ACROSS THE UNIVERSE:
THE BEATLES, THE 60'S AND COSMIC CLOCKWORK
With Obama stirring up everyone's hopes with his charismatic vision and presence (he is a Leo, so it comes naturally) plus the added glamour of the Kennedy clan passing on JFK's torch to him; with the war in Iraq echoing the war in Vietnam; with the call for CHANGE getting louder and louder, is it any wonder that pundits are comparing or downplaying the echoes to the 60s we're all feeling?
I don't know about you, but I lived through the 60s and I just know they're back! It's a feeling, it's the similarities of social unrest – and it's something more cosmic. I know it because among the many things I do, I am an astrologer. I know that a cycle that began in the mid-60s is coming up to its first crisis point in 2010 and some of the planets that formed that cycle are now transiting the degrees that were so important for the 60s. These energies are stirring up the pot – change is in the air. But what are we going to do about it? Because all the good energy in the world can go to waste unless We The People do something. And that especially includes our Artists, for they can give us a deep perspective on what's happening to us and to the culture.
Now before you reject the idea that Astrology has any pertinence to this energy of change we're feeling, please read on. My astrologer friend Caroline Casey says, “Believe nothing. Entertain possibilities! Astrology is not a belief system; it is a [symbolic] language of the dynamic interplay between our interior life and the exterior world.” All we can do in the face of the immensity of life is to entertain possibilities. Why not imagine, for a moment, that these possibilities exist? That we are connected to our planet, to our solar system, to our galaxy, to each other. Scientists know that we are affected by the Solar cycle of sunspot activity as well as by the Moon's cycle. And did you know that most of Western civilization's greatest philosophers and scientists were also astrologers? Check it out for yourselves.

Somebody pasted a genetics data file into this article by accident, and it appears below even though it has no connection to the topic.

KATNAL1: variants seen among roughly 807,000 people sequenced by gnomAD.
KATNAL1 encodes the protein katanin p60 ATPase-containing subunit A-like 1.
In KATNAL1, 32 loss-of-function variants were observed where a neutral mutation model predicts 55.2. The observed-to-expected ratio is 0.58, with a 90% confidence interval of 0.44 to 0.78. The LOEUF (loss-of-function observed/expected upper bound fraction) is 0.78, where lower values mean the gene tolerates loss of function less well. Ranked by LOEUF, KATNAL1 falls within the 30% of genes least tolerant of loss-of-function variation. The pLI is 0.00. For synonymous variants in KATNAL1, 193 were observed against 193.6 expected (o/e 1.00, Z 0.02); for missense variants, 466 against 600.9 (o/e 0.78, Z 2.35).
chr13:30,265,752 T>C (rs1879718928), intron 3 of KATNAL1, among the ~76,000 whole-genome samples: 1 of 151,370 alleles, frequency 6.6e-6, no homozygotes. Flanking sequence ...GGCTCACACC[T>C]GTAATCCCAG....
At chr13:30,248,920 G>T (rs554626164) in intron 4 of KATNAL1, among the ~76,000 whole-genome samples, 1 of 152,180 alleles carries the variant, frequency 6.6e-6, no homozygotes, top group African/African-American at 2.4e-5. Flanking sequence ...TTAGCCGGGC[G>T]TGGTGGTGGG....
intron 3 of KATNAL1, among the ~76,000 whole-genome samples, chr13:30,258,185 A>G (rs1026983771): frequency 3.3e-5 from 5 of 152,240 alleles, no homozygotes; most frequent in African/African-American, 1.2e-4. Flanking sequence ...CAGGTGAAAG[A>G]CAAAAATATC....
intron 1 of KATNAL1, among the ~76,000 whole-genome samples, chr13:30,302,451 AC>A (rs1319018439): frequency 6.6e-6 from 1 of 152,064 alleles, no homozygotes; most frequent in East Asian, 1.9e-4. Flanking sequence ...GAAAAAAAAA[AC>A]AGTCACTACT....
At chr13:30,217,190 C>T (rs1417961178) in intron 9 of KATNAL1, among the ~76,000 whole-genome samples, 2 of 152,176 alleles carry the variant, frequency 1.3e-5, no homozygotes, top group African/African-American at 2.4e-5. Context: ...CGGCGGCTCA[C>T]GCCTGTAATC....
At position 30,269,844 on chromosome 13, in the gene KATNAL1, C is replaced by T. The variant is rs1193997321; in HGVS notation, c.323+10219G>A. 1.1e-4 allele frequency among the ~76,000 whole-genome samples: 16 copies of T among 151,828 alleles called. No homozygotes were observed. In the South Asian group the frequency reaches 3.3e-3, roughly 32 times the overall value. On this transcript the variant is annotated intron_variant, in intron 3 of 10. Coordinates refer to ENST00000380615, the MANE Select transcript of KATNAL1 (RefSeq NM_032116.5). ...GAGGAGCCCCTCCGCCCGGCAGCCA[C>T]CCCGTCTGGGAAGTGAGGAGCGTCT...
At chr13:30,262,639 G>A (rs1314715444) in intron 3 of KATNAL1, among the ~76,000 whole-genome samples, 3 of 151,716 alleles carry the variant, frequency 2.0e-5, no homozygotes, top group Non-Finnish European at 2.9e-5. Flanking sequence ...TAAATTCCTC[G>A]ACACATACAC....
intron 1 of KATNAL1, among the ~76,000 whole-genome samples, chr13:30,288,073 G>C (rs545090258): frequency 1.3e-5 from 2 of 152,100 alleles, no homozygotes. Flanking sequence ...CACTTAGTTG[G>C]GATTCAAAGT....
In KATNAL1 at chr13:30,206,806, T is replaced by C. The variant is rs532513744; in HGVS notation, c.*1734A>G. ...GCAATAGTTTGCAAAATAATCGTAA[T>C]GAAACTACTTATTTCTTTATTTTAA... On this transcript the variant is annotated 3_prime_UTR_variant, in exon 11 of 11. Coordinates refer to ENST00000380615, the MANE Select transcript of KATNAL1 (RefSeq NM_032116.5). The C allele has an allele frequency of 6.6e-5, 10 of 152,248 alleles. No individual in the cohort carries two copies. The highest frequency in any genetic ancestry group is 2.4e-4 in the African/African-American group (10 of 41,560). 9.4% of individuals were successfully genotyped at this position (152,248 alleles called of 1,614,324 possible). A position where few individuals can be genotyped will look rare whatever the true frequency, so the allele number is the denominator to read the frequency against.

But before I talk more about the astrological influences of our times, I want to say that Julie Taymor's brilliant movie “Across the Universe” brought me right back to the 60s on a visceral level. This movie could have come right out of John Lennon's imagination: the movie could have been made by the Beatles – it has the feel of who they were and what they did together. So if John and George are listening from the Beyond, and to Paul and Ringo, I want to thank the Fab Four for giving us another chance to really hear their music and amazing lyrics, and re-visit their music's significance for all our lives during those wonderful, turbulent, tumultuous years.
First, though, I want to talk about the archetype of the Bard, because we need to understand why our artists are so important to our lives and to these times of change. Archetypes are the patterns that shape our human consciousness. They are the images of the instincts that make us human. The archetype of the Bard acknowledges our collective need to understand ourselves through images, to give coherence to our lives through stories and song. And because of that need within humanity, some people resonate with this archetype and are called to became the storytellers of their tribes. Bards help shape their societies by singing about the shared values of the tribe, teaching the next generation about their duties, their capabilities, and their place in the world. Stories from the desert speak of the need to share everything, for otherwise no one survives in the harsh landscape. The stories of the Celts shaped their view of warriors as being sensitive, boastful, brave and honorable. Troubadours of the Middle Ages shaped their society through their songs of courtly love. Bards are the ones who remember, the poets, the news-givers, the truth-speakers, and the visionaries of their people who see the truths of their times and give their people a perspective on them.
All ancient peoples had someone who represented this archetype of the Bard, the storyteller, the singer of songs. In those societies, Bards were highly honored, and they had the power and the responsibility to influence their people's beliefs. In our modern culture, our singers and storytellers are still honored with money and fame, although not many are worthy of being called True Bards. Those who are in it for the money and fame are the ones we call entertainers. Because most entertainers don't take their responsibilities as Bards seriously, we sometimes forget that our artists really have this power to teach us about our world, for the power of the Bard resides in the Imagination.